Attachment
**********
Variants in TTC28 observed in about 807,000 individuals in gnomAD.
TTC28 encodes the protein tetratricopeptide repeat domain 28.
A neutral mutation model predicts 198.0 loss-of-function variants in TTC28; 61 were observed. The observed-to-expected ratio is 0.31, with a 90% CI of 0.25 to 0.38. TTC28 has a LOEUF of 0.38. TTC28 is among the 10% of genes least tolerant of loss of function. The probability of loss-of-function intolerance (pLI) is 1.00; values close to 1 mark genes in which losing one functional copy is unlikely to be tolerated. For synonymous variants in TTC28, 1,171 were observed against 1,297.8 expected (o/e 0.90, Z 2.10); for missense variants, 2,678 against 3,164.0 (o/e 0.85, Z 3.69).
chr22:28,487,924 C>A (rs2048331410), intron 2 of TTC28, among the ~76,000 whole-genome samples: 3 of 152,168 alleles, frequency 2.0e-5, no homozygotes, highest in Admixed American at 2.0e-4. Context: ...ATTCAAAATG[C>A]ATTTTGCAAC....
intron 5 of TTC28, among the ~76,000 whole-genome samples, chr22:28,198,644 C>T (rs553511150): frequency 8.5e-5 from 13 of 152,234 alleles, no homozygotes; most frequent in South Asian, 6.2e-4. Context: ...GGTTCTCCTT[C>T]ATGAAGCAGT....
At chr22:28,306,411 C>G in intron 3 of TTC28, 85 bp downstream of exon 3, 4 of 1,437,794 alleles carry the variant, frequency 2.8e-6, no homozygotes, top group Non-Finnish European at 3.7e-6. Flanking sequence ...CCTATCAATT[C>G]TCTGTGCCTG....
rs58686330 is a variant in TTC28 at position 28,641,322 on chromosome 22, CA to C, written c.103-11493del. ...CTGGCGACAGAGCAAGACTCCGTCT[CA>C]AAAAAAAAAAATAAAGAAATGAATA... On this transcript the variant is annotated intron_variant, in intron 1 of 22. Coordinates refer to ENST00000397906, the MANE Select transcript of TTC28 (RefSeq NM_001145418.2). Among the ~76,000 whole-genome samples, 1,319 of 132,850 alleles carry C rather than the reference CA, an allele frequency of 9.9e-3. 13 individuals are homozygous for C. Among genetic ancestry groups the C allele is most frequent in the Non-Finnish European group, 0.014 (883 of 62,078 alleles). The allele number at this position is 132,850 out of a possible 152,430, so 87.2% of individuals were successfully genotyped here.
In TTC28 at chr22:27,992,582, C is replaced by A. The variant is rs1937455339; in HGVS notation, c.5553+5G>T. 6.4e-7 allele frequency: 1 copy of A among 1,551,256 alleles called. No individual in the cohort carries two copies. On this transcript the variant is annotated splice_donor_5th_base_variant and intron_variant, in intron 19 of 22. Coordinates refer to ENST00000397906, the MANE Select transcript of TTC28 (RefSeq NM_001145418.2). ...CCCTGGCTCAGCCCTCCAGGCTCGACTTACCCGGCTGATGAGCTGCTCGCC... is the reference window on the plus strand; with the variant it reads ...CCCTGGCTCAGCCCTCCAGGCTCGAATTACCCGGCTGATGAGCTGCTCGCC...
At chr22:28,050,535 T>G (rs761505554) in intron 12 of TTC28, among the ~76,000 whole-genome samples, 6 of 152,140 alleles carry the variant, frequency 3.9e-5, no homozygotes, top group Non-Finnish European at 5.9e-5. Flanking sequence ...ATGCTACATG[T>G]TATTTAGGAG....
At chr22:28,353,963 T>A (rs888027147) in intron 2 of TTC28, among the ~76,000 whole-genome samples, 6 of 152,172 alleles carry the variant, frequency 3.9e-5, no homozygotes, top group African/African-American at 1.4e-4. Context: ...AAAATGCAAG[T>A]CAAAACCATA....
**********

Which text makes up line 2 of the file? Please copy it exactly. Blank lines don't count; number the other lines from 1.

TTC28 encodes the protein tetratricopeptide repeat domain 28.